Julia Seemann

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Annexin II, a member of a family of Ca2+ and membrane binding proteins, has been implicated in regulating membrane organization and membrane transport during endocytosis and Ca2+ regulated secretion. To characterize the mechanistic aspects of the annexin. II action we studied parameters which determine the endosomal association of annexin II. Immunoblot(More)
Annexin I is a member of a multigene family of Ca2+/phospholipid-binding proteins and a major substrate for the epidermal growth factor (EGF) receptor kinase, which has been implicated in membrane-related events along the endocytotic pathway, in particular in the sorting of internalized EGF receptors occurring in the multivesicular body. We analyzed in(More)
S100C is a member of the S100 family of EF-hand-type Ca(2+)-binding proteins which are thought to bind to and thereby regulate the activity of cellular target proteins in a Ca(2+)-dependent manner. An intracellular ligand for S100C is the Ca2+/phospholipid-binding protein annexin I and we show here that complex-formation is mediated through unique domains(More)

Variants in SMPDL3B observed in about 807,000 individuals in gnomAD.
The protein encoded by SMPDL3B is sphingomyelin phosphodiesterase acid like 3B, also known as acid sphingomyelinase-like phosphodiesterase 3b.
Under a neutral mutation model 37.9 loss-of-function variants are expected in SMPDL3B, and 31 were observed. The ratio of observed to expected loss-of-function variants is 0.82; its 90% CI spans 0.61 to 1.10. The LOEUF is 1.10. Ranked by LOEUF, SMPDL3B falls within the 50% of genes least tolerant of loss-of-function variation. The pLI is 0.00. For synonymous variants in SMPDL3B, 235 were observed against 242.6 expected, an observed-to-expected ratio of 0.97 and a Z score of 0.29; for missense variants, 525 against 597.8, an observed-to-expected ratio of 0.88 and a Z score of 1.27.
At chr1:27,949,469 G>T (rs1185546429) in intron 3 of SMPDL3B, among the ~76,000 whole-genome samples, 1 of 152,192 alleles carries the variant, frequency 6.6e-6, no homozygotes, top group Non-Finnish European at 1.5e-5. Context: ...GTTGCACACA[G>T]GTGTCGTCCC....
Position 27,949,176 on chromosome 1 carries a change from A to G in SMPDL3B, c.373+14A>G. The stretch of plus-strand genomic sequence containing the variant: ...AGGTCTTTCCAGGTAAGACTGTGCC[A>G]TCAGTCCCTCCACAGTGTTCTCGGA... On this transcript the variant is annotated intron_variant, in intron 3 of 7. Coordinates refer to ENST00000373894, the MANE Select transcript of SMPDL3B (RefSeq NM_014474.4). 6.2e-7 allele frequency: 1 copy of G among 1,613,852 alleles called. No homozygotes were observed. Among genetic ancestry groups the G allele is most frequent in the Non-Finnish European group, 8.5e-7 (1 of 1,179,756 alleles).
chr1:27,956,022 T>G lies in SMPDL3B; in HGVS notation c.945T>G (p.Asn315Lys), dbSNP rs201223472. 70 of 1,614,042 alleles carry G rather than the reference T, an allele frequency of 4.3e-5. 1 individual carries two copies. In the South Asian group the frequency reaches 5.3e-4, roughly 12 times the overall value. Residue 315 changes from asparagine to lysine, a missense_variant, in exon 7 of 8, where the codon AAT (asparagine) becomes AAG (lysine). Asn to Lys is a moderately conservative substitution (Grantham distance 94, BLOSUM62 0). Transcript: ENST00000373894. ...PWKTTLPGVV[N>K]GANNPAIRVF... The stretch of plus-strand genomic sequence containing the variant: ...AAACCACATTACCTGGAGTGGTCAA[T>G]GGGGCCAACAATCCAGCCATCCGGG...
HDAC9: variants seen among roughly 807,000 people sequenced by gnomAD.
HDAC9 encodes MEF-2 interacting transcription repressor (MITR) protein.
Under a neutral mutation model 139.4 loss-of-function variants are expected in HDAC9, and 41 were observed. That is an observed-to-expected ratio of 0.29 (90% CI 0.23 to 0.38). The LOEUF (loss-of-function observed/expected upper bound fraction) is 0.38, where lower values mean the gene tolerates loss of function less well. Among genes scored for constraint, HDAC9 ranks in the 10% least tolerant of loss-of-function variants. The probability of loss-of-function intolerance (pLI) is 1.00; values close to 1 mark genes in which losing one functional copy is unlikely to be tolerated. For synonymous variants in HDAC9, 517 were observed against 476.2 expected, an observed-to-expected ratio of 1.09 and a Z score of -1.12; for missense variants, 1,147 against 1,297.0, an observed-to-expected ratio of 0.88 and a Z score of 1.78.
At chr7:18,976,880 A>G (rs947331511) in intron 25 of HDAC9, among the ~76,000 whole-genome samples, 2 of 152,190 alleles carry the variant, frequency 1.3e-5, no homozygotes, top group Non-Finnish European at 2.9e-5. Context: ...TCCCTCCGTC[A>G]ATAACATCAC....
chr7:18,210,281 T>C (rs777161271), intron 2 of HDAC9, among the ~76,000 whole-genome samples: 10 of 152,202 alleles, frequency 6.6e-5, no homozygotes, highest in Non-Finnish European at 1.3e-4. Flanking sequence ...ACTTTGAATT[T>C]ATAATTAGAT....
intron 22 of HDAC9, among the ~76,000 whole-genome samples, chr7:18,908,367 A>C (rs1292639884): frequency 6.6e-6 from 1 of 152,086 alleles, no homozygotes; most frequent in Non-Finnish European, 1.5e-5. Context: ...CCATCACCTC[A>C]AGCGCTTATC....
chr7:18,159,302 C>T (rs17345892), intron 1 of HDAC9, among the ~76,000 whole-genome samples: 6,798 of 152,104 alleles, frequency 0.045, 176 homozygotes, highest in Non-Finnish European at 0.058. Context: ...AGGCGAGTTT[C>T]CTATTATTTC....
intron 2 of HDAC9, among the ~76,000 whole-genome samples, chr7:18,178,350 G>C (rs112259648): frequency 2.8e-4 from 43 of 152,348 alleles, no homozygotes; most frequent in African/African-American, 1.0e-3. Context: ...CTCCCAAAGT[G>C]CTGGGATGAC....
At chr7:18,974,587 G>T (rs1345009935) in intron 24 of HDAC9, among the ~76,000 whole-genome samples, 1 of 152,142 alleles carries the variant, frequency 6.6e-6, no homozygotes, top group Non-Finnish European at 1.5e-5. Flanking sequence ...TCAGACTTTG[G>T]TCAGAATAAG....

Immunofluorescence and subcellular fractionation localize annexin I and the EF hand protein S100C to the same membranous structures which in part correspond to transferrin receptor-positive endosomes. The association of S100C with endosomal membranes is strictly dependent on annexin I binding since a D91stop-S100C mutant protein, in which the residues(More)
Endogenous circadian clocks facilitate the adaptation of physiology and behavior to recurring environmental changes brought about by the Earth's rotation around its axis. Adipose tissues harbor intrinsic circadian oscillators based on interlocked transcriptional-translational feedback loops built from a set of clock genes that regulate important aspects of(More)
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